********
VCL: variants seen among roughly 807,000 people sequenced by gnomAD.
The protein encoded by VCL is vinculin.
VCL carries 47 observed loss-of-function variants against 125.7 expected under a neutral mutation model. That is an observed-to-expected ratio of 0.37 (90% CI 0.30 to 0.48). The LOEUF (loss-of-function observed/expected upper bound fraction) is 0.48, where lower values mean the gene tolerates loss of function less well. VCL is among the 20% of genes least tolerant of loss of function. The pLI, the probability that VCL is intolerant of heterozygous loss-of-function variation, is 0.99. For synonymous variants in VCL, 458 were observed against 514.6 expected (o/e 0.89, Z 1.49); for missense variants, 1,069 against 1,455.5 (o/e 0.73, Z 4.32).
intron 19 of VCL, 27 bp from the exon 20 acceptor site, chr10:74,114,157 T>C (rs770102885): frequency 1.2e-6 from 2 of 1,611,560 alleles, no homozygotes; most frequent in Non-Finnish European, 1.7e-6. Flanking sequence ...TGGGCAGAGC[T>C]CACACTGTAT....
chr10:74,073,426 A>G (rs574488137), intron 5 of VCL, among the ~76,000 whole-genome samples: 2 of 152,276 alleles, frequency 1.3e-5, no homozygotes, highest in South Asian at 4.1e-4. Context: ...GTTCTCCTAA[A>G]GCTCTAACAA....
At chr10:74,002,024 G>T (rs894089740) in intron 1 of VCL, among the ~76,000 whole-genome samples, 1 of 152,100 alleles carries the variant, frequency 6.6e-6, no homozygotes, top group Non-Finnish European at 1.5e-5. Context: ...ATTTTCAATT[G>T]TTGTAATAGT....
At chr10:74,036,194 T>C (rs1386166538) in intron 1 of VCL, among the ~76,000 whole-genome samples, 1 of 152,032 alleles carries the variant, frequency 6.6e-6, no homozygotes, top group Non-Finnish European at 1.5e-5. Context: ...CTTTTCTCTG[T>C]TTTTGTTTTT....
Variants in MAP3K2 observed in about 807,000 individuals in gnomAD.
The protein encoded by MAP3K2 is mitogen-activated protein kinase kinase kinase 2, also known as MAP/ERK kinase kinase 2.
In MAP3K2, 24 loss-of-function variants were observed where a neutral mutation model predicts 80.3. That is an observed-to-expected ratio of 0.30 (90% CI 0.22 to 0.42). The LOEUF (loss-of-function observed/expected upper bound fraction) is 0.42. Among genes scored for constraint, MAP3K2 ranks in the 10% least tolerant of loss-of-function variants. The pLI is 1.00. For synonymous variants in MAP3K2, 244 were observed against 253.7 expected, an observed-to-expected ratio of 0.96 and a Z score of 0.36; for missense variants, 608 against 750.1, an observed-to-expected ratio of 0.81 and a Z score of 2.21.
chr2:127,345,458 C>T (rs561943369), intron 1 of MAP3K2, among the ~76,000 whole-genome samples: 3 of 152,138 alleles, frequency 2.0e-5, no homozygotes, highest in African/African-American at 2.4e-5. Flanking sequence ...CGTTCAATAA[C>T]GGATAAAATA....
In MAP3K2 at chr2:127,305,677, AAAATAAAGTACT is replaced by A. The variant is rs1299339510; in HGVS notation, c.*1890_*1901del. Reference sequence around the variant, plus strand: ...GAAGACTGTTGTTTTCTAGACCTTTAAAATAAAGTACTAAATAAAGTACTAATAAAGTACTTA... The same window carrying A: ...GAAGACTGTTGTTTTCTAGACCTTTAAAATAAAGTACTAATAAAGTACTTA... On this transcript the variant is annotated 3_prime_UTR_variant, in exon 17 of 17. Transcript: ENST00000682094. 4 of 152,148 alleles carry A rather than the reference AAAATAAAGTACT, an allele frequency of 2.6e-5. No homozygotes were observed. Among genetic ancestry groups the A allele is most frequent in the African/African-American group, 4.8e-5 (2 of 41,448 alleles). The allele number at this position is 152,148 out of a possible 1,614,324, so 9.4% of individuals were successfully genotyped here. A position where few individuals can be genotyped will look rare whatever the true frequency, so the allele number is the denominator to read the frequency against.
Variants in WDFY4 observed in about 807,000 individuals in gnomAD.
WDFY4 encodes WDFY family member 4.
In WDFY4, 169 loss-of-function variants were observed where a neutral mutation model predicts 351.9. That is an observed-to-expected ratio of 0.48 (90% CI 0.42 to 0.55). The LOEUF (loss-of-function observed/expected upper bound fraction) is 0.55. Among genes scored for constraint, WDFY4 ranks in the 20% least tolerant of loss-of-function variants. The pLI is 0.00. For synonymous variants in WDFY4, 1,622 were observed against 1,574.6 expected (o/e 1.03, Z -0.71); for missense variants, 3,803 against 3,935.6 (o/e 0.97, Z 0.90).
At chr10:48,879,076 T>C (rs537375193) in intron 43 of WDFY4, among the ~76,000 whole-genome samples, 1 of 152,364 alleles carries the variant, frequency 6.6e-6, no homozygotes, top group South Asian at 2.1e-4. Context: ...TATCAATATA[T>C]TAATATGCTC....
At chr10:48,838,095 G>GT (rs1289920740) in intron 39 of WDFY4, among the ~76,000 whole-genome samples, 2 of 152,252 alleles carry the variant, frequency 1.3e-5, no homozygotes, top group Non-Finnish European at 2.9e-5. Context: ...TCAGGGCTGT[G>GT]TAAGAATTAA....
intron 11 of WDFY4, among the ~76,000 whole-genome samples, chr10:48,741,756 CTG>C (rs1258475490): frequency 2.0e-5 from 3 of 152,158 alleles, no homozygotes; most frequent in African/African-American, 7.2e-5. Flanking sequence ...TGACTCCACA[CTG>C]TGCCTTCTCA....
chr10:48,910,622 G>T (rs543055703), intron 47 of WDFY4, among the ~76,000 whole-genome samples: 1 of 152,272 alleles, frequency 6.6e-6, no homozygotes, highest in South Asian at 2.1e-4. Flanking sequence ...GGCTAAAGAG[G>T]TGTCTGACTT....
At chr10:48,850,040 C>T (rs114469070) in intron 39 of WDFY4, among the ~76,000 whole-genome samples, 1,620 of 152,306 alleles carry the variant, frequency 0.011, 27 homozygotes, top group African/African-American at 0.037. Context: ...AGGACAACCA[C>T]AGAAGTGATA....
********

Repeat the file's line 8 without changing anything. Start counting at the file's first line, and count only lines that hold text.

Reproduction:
Variants in MAP3K2 observed in about 807,000 individuals in gnomAD.